Since the election of the government of the Islamist AK Party, Turkey has awkwardly begun to open up to its past. A space has opened up which has allowed diaspora Armenians to travel to their former homeland and citizens of Turkey to own up to their formerly hidden Armenian grandparents.
Friday marks the 100th anniversary of the mass killing of 1.5 million Armenians at the hands of the Ottoman Turks, but President Obama won’t be using the term ‘genocide’ to describe them.
After ten years of thorough investigation, the IAEA found no evidence of any undeclared or clandestine nuclear activities in Turkey.
Economic interests, combined with national security considerations, give Turkey an incentive not to seek nuclear weapons.
A more assertive relationship with Turkey is in store for the European Union, but the assertiveness will likely be both ways.
One hundred years on, the facts of the Armenian genocide of 1915 are not in dispute. But the word genocide itself has become an obstruction to rapprochement between Armenians and Turks.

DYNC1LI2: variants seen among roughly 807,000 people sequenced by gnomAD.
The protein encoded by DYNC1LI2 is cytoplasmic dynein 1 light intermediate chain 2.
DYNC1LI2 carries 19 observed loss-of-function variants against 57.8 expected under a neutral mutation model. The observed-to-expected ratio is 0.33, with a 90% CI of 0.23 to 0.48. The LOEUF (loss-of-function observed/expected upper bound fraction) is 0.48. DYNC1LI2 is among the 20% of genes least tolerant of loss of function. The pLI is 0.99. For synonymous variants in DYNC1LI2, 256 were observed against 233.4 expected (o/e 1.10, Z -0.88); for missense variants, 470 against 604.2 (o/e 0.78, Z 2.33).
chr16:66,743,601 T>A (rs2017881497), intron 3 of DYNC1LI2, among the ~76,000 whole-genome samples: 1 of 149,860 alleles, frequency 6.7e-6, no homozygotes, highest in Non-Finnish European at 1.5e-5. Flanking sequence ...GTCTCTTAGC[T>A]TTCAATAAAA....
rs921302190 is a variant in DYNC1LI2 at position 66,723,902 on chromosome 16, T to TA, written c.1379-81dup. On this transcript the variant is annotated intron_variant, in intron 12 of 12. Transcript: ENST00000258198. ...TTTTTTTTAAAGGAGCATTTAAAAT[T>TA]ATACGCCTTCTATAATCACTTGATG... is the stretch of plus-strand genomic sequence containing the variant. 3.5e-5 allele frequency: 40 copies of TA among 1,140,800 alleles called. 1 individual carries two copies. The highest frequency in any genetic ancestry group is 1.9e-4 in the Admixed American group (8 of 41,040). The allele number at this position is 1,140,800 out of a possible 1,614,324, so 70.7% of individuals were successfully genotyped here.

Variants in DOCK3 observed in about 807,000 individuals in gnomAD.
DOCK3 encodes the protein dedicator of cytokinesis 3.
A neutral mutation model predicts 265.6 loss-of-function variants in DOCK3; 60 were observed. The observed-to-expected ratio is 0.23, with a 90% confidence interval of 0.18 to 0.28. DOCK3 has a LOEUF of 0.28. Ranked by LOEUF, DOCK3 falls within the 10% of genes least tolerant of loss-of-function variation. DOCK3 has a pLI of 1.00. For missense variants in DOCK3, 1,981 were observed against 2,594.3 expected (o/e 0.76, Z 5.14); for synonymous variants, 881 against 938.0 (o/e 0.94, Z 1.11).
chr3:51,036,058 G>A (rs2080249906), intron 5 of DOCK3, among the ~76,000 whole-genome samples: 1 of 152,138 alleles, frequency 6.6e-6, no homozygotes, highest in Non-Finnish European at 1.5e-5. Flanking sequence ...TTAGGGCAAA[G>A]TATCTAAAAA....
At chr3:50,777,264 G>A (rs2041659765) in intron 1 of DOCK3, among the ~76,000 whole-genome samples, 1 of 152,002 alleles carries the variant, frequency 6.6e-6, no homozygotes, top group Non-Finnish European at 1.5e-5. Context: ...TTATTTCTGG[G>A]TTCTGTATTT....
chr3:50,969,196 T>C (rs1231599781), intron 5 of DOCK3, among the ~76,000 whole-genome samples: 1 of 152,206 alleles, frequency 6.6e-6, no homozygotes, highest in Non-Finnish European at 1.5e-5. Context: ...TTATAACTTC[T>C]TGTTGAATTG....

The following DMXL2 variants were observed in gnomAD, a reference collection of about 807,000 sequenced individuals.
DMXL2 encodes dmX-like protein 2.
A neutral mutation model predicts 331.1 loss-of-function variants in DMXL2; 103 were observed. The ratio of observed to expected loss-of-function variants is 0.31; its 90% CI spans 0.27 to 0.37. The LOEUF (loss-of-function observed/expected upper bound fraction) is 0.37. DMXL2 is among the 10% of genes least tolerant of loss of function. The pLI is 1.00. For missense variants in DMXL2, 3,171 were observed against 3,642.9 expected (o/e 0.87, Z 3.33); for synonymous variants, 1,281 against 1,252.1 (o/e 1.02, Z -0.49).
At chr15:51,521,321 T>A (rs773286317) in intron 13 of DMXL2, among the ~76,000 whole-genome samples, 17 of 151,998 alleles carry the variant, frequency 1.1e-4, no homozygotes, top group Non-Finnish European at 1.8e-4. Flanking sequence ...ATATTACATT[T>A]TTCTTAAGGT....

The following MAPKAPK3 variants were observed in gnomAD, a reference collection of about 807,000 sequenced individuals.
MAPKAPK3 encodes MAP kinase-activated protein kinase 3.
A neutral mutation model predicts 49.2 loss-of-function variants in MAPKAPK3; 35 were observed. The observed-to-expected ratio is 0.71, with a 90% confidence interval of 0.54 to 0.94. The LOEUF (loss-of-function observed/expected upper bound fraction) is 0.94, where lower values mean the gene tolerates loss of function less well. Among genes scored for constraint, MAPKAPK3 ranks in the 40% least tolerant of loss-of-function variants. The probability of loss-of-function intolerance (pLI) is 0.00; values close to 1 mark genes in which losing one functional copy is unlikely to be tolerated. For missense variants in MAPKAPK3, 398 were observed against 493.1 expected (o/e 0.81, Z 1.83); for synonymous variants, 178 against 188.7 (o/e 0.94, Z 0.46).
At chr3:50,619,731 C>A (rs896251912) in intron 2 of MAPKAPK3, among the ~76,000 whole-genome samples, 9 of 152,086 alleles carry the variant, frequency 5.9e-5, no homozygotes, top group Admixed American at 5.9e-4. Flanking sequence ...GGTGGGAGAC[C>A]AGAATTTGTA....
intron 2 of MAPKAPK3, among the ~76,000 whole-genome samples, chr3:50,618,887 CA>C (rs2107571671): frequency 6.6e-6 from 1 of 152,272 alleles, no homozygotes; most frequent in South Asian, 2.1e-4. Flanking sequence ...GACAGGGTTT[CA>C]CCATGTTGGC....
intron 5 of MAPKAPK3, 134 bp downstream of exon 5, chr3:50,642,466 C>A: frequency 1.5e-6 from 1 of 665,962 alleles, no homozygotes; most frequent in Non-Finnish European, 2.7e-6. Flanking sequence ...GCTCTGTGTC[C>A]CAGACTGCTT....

Turkey’s policy of conditioning its anti–Islamic State engagement on support for an anti-Assad campaign will be at best ineffective and at worst counterproductive.
Turkey fundamentally disagrees with the United States in its interpretation of the threat that the Islamic State poses, viewing the group as a symptom of deeper pathologies.
Even though tensions over Ukraine will inevitably cast a shadow over the bilateral relationship, Russia and Turkey—a NATO member—continue to share a range of important interests.
The appointments of a new European Council president and EU foreign policy chief will impact EU-Turkey relations, but the critical test will be how both players respond to events in the Middle East.